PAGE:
# $EPIC: corfilter.txt,v 1.3 2007/03/02 02:32:04 jnelson Exp $
$corfilter(<string> <var1> <var2>)
The <string> argument is a dword, which is different than most functions.
This function is closely related to rfilter, which returns all of the wildcard patterns in a word list that do not match a literal string.
All of the cor* functions take a literal string, and two variable names. The first variable should contain a word list of wildcard patterns, and the second variable should contain a word list. The string is matched against each of the patterns in the first list, and depending on the result, the corresponding word in the second list is included or excluded in the resturn value.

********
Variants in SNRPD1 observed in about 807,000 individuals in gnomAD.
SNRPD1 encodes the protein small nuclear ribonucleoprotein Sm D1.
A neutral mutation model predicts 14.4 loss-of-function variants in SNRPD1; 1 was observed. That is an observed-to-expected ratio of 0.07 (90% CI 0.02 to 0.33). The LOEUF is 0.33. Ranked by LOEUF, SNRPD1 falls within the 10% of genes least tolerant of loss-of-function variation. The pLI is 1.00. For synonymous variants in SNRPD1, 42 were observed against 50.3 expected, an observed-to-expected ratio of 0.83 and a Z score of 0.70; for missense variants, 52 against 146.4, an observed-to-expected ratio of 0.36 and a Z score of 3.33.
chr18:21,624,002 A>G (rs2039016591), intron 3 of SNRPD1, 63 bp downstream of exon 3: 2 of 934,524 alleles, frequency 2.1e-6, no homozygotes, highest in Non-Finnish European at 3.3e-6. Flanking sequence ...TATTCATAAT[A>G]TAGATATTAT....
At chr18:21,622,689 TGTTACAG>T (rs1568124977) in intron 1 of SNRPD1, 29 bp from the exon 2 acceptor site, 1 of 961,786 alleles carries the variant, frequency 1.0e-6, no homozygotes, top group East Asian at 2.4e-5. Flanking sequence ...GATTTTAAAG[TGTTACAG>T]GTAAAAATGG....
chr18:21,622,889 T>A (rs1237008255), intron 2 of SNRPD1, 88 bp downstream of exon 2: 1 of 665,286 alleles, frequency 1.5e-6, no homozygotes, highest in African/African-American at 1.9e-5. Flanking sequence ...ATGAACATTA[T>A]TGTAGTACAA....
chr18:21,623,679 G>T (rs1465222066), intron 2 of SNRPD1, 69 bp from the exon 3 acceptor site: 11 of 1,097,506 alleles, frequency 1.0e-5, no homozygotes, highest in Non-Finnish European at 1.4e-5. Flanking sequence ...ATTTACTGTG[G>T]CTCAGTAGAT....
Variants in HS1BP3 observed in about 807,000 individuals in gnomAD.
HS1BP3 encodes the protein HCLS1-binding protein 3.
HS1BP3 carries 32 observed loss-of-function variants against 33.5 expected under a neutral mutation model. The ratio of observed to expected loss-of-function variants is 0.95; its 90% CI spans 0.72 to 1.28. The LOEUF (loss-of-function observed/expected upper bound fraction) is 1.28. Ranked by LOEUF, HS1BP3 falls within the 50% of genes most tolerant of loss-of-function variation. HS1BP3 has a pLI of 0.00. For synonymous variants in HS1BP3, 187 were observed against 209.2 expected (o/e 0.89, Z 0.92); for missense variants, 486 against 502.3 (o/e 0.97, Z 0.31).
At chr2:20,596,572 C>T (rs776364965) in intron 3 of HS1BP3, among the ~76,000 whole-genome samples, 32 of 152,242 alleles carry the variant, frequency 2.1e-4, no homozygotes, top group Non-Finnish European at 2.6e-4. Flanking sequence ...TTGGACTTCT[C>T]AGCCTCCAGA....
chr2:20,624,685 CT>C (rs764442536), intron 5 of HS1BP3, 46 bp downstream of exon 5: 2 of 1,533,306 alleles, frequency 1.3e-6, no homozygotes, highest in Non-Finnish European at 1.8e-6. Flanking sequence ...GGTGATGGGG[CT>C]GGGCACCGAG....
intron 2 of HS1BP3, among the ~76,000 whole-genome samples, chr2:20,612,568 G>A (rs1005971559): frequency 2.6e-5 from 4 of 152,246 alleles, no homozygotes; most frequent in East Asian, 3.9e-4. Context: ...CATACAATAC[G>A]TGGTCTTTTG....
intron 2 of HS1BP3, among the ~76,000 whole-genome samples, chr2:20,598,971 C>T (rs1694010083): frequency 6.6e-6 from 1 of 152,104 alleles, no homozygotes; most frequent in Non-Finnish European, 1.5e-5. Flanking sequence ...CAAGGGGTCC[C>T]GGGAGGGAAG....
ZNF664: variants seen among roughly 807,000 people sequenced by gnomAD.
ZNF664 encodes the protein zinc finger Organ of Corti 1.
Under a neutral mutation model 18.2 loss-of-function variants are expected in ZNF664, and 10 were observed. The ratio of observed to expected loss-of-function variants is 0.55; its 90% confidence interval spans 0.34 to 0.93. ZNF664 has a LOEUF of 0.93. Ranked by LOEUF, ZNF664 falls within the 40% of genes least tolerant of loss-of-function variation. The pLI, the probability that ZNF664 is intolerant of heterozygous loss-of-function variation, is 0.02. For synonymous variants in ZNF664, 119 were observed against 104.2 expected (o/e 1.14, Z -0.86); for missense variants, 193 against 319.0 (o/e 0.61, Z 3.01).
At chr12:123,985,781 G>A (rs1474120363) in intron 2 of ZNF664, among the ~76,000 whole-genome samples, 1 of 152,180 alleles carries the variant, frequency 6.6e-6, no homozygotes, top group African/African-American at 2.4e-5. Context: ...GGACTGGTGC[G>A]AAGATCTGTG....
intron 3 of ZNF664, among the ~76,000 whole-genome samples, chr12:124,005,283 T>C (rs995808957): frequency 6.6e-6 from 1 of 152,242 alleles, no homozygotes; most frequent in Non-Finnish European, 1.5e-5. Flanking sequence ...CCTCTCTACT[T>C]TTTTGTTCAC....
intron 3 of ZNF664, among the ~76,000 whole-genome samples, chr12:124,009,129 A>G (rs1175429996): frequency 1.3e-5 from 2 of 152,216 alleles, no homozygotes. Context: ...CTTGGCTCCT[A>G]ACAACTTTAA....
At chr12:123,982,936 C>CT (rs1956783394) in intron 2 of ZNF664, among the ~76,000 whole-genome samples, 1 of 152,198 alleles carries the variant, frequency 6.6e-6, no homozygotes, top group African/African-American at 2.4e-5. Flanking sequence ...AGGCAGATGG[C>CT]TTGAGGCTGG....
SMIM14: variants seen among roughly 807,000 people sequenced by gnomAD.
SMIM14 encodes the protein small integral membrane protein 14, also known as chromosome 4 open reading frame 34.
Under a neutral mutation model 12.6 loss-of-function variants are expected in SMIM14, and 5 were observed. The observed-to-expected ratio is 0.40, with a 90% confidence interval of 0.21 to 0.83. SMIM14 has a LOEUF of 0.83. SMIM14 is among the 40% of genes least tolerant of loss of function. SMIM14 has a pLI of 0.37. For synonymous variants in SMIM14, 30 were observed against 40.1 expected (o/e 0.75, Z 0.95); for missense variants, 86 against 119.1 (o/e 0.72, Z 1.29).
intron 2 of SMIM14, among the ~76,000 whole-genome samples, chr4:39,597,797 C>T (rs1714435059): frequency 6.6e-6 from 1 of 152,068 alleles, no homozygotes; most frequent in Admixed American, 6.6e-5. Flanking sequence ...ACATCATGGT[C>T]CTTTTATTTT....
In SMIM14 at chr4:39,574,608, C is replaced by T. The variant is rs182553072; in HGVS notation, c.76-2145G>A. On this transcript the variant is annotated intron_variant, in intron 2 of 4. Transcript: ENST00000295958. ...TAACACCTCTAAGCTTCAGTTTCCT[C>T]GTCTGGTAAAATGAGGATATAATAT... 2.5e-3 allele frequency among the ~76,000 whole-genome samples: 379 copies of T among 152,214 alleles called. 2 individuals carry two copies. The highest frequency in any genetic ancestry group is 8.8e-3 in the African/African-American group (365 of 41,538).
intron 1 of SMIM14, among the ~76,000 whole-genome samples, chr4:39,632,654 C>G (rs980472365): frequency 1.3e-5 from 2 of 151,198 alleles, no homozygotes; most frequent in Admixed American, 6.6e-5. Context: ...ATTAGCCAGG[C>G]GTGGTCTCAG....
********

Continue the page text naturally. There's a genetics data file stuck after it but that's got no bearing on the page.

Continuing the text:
The corfilter function returns all those words in $<var2> that correspond in position to those patterns in $<var1> that do not match the <string>.
Parsing ends whenever the shorter of the two word lists runs out of words. Therefore, the two word lists should have the same number of words.
The literal <string> may be optionally surrounded by double quotes, if the word contains spaces. The double quotes are not considered part of the string for the purposes of matching.
The words from $<var2> that correspond to all of the words in $<var1> that are not matched by <pattern>.
@ friends = [ooga!bob@*.foo.com *!tom@*.com] @ levels = [20 10] $corfilter(email@example.com friends levels) returns "10" $corfilter(firstname.lastname@example.org friends levels) returns "20"